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Rasterizing a 2D polygon

I need to raster a polygon including its inner area (determine all tiles of a grid that lie inside the polygon). Currently I determine the boundary tiles by using a simple Bresenham but I have no efficient way up to now to raster the "inside" of the polygon (which might be concave as well). My approach so far is to limit the tile range to the rectangle including the polygon an then determine for every tile center whether it lies inside or outside using the polygon winding algorithm. This is quit inefficient since it involves checking every polygon boundary segment for every tile. From a first view there should definitely be a faster approach e.g. sth. like winding using the rastered boundary. Is there a standard algorithm which tackles this problem and perhaps even a library implementation in C++ ?

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marked as duplicate by Potatoswatter, WhozCraig, ArtemStorozhuk, Tom Redfern, Kumar Bibek Dec 12 '12 at 18:06

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There are quite a few resources on the net. Here are the first two I found using a Google search: alienryderflex.com/polygon_fill and ezekiel.vancouver.wsu.edu/~cs442/lectures/raster/polyfill/… –  NPE Dec 12 '12 at 10:26
    
@Potatoswatter: Thanks for the link. As I said I need the innards as well and know the winding rule, so I think it is not a duplicate, but triangulization and the rastering the triangles might be the way to go. –  Martin Dec 12 '12 at 10:45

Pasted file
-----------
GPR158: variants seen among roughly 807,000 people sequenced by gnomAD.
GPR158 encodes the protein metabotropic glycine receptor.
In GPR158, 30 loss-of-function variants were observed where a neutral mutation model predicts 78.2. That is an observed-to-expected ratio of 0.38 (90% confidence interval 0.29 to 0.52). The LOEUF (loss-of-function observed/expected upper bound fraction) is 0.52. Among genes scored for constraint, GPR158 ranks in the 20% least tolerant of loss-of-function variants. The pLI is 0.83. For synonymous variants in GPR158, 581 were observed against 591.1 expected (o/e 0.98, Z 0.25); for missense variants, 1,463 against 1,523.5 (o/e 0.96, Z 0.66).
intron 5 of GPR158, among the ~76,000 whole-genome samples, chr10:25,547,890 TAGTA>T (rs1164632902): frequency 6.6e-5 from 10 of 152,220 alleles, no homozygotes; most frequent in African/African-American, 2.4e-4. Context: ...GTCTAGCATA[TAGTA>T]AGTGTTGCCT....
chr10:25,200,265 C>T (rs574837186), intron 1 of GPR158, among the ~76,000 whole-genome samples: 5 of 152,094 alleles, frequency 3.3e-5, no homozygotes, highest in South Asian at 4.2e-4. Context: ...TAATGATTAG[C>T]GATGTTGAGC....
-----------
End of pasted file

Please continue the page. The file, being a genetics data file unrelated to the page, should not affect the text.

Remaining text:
@NPE: Cool, the first link is exactly what I was looking for. If you make it an answer I can accept it right away –  Martin Dec 12 '12 at 10:46
    
@Martin All the answers I saw at that page were for filled polygons, and I didn't notice anything about triangles… I haven't implemented it but my understanding is you want to find the intercepts and use the even/odd rule: every time the raster crosses a polygon line, it alternates between being inside and outside. –  Potatoswatter Dec 12 '12 at 11:40
    
@Potatoswatter: The first answer to the referred question points to winding and odd-even fill. As as the link NPE pointed me to clearly shows: This is not a performant way to fill (in the sense of color pixels) the innards of a polyon. You need to use an additional scan line for the filling to be efficient –  Martin Dec 14 '12 at 12:48

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There are quite a few resources on the net, for example:

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